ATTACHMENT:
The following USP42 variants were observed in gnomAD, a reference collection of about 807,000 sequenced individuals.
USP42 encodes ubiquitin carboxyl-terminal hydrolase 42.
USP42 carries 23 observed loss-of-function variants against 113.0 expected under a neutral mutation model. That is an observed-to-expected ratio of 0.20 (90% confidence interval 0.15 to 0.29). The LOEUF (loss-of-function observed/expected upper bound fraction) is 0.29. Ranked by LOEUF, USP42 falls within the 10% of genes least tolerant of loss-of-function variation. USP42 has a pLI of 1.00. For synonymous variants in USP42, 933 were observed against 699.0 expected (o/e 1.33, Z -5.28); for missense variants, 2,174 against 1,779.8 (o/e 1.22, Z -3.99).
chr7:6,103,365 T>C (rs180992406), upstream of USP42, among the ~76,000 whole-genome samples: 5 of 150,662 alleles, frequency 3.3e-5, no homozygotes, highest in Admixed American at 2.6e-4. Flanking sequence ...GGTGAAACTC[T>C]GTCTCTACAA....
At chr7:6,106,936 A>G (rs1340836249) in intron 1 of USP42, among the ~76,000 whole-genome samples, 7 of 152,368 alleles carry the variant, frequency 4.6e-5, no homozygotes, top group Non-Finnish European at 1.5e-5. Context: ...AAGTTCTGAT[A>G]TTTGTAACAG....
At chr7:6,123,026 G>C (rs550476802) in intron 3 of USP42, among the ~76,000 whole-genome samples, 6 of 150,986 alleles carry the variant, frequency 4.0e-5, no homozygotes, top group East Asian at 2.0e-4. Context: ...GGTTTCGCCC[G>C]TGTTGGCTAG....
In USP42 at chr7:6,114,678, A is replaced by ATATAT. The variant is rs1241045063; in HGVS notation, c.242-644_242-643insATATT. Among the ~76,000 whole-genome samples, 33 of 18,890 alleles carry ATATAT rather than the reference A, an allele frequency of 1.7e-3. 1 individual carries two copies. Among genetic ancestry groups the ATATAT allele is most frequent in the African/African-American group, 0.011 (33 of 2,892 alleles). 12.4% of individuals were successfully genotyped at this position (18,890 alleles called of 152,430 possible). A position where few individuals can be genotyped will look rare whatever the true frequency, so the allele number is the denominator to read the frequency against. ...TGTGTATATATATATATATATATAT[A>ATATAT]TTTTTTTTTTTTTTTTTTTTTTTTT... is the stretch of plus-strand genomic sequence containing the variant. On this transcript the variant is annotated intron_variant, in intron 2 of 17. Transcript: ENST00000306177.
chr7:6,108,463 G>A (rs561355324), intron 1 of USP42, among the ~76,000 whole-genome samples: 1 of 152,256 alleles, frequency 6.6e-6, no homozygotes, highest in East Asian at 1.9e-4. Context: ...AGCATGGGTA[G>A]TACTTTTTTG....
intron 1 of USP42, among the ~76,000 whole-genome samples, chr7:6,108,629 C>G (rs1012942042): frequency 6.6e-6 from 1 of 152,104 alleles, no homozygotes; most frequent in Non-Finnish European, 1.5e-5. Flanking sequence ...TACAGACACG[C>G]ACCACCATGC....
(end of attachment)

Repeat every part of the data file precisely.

The following USP42 variants were observed in gnomAD, a reference collection of about 807,000 sequenced individuals.
USP42 encodes ubiquitin carboxyl-terminal hydrolase 42.
USP42 carries 23 observed loss-of-function variants against 113.0 expected under a neutral mutation model. That is an observed-to-expected ratio of 0.20 (90% confidence interval 0.15 to 0.29). The LOEUF (loss-of-function observed/expected upper bound fraction) is 0.29. Ranked by LOEUF, USP42 falls within the 10% of genes least tolerant of loss-of-function variation. USP42 has a pLI of 1.00. For synonymous variants in USP42, 933 were observed against 699.0 expected (o/e 1.33, Z -5.28); for missense variants, 2,174 against 1,779.8 (o/e 1.22, Z -3.99).
chr7:6,103,365 T>C (rs180992406), upstream of USP42, among the ~76,000 whole-genome samples: 5 of 150,662 alleles, frequency 3.3e-5, no homozygotes, highest in Admixed American at 2.6e-4. Flanking sequence ...GGTGAAACTC[T>C]GTCTCTACAA....
At chr7:6,106,936 A>G (rs1340836249) in intron 1 of USP42, among the ~76,000 whole-genome samples, 7 of 152,368 alleles carry the variant, frequency 4.6e-5, no homozygotes, top group Non-Finnish European at 1.5e-5. Context: ...AAGTTCTGAT[A>G]TTTGTAACAG....
At chr7:6,123,026 G>C (rs550476802) in intron 3 of USP42, among the ~76,000 whole-genome samples, 6 of 150,986 alleles carry the variant, frequency 4.0e-5, no homozygotes, top group East Asian at 2.0e-4. Context: ...GGTTTCGCCC[G>C]TGTTGGCTAG....
In USP42 at chr7:6,114,678, A is replaced by ATATAT. The variant is rs1241045063; in HGVS notation, c.242-644_242-643insATATT. Among the ~76,000 whole-genome samples, 33 of 18,890 alleles carry ATATAT rather than the reference A, an allele frequency of 1.7e-3. 1 individual carries two copies. Among genetic ancestry groups the ATATAT allele is most frequent in the African/African-American group, 0.011 (33 of 2,892 alleles). 12.4% of individuals were successfully genotyped at this position (18,890 alleles called of 152,430 possible). A position where few individuals can be genotyped will look rare whatever the true frequency, so the allele number is the denominator to read the frequency against. ...TGTGTATATATATATATATATATAT[A>ATATAT]TTTTTTTTTTTTTTTTTTTTTTTTT... is the stretch of plus-strand genomic sequence containing the variant. On this transcript the variant is annotated intron_variant, in intron 2 of 17. Transcript: ENST00000306177.
chr7:6,108,463 G>A (rs561355324), intron 1 of USP42, among the ~76,000 whole-genome samples: 1 of 152,256 alleles, frequency 6.6e-6, no homozygotes, highest in East Asian at 1.9e-4. Context: ...AGCATGGGTA[G>A]TACTTTTTTG....
intron 1 of USP42, among the ~76,000 whole-genome samples, chr7:6,108,629 C>G (rs1012942042): frequency 6.6e-6 from 1 of 152,104 alleles, no homozygotes; most frequent in Non-Finnish European, 1.5e-5. Flanking sequence ...TACAGACACG[C>G]ACCACCATGC....